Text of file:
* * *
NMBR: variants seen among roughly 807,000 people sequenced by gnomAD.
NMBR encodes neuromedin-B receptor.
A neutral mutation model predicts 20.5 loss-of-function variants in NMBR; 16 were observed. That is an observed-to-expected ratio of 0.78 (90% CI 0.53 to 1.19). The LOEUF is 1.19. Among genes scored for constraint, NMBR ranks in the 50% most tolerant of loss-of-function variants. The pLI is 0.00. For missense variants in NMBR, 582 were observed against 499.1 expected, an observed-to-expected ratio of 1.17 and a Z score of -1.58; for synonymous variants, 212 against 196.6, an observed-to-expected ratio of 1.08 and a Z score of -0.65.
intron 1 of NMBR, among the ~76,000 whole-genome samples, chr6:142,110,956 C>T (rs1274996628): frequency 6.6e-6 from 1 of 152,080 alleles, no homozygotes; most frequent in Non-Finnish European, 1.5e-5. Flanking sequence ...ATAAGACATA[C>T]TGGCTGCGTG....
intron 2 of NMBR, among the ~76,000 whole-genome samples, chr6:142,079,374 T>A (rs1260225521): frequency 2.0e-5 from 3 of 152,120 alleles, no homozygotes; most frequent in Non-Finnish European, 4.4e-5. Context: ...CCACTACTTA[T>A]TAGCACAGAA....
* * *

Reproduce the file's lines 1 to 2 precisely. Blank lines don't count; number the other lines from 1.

NMBR: variants seen among roughly 807,000 people sequenced by gnomAD.
NMBR encodes neuromedin-B receptor.